The human foot contains 26 bones, 33 joints and a number of muscles,
ligaments, tendons, blood vessels and nerves. When standing, the feet
hold up the body, and thus bear a tremendous amount of weight. Walking
puts even more force on the feet. According to the American Podiatric
Medical Association, a one-mile walk for the average 150 pound person
puts a force of 63.5 tons of pressure on each foot. Over the course of a
day, that can add up to several hundred tons of force.
Taking it in Stride
Stride is defined as the distance between two successive ground
contact points on the same foot. For an average adult, stride length is
about 2 to 3 feet. Stride patterns vary, depending upon the type of shoe
we are wearing (sneakers versus high heels), surface on which we walk
(asphalt versus gravel or sand) and type of terrain (smooth vs. uneven,
like a trail).
Jinger Gottschall, Ph.D., Kinesiologist from Penn State University
in University Park, PA, says stride length changes during pregnancy,
because the woman must adapt her walking to maintain center of balance
to keep from falling. Stride may also change after a lower limb injury
because a patient needs to keep the full weight off one leg.
The body learns to compensate fairly quickly to changes in stride.
However, when alterations in stride are significant, one foot takes on
more pressure than the other. This causes walking to become less
efficient. In addition, the limb that bears more weight endures greater
stress and may be at risk for injury.
The Dual Treadmill
Penn State University investigators have developed a special type of
treadmill to study stride alterations. Instead of a single walking
belt, the dual treadmill contains two belts - one for each foot.
Although dual treadmills have been around for several years, the new one
incorporates some unique features. It can tilt up or down, mimicking
the ability to walk both uphill and downhill, as well as side to side,
allowing researchers to measure ground forces separately for each foot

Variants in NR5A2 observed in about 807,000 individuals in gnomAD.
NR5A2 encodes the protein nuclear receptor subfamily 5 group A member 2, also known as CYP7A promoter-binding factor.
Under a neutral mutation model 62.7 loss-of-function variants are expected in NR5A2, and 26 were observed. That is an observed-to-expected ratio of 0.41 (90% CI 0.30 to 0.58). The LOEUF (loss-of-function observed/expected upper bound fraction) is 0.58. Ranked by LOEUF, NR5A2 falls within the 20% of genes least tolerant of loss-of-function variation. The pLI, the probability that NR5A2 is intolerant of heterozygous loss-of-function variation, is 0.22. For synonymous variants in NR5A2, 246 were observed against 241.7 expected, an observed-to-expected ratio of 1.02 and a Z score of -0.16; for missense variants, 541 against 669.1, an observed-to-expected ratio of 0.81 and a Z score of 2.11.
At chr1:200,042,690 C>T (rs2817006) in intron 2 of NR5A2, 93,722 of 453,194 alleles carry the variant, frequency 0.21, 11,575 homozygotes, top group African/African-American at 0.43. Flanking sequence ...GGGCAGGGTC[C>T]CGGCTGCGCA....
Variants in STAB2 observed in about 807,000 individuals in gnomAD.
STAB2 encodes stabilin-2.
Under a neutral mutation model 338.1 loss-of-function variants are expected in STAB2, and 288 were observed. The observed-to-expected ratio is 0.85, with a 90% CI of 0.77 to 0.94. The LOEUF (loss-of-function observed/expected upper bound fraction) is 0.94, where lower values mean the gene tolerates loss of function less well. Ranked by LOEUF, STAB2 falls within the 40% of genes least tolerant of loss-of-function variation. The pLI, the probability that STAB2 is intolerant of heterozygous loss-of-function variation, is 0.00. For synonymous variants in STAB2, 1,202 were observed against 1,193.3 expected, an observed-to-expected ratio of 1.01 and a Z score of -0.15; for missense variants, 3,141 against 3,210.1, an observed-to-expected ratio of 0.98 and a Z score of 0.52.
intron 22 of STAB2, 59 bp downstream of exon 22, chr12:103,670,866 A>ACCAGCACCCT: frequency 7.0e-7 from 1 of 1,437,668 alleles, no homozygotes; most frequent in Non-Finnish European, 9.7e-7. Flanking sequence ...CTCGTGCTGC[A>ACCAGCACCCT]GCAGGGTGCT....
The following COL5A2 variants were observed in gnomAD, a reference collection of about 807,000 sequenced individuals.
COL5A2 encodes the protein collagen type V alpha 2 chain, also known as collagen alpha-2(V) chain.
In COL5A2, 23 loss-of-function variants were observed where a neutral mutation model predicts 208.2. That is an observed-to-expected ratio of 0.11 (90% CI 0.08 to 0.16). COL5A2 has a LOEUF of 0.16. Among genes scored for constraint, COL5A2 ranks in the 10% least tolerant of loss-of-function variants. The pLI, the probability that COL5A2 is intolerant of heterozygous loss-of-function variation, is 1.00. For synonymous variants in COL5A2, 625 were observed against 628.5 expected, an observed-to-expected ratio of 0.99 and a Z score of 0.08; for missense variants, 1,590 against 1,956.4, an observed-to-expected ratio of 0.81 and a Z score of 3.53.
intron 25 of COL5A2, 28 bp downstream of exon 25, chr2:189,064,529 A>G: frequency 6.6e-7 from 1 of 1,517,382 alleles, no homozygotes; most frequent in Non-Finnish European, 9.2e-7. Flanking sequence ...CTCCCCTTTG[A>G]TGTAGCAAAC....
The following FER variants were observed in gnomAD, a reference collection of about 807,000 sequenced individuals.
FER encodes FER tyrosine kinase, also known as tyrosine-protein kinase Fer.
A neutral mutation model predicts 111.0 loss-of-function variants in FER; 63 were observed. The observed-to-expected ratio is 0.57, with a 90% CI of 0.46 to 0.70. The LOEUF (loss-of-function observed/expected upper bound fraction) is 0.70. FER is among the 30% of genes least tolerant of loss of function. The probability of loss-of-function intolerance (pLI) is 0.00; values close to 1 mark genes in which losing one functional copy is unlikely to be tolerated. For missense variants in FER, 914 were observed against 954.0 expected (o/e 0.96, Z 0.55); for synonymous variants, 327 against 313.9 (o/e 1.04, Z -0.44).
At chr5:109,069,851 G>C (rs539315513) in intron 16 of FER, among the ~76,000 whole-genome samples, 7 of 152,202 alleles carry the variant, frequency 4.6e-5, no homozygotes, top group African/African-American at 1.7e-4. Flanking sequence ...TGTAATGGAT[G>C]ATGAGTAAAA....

in vertical, horizontal and lateral directions. Belt speed can be
altered to mimic a limp or correct "asymmetric" walking. In addition,
reflective markers can be placed on patients. Video cameras capture the
movement of the reflective markers, enabling the measurement of stride
length, stride frequency and joint angles.
In a new study, investigators will have volunteers wear GPS units
while walking around campus, measuring speed while going uphill,
downhill and over flat and non-flat surfaces. The information from the
GPS units will be inputted into the treadmill computer. The treadmill
can then be used to mimic a person's walking on the charted surfaces.
During the simulated walking, the investigators use the cameras and
reflective markers to record stride, muscle activity and oxygen
The new dual treadmill allows researchers to see exactly how a
person responds to different types of real-life terrain, rather than a
just a flat treadmill surface. This information may be used to detect
alterations in stride and help therapists plan an appropriate
Research compiled and edited by Barbara J. Fister
AUDIENCE INQUIRYFor general information on walking or foot problems:
American Academy of Orthopaedic Surgeons, http://orthoinfo.aaos.org
American Podiatric Medical Association, http://www.apma.org
BIBLIOGRAPHYIf you need a list of the research titles supporting this story, please contact Barbara Fister at (610) 395-1300 ext. 238.
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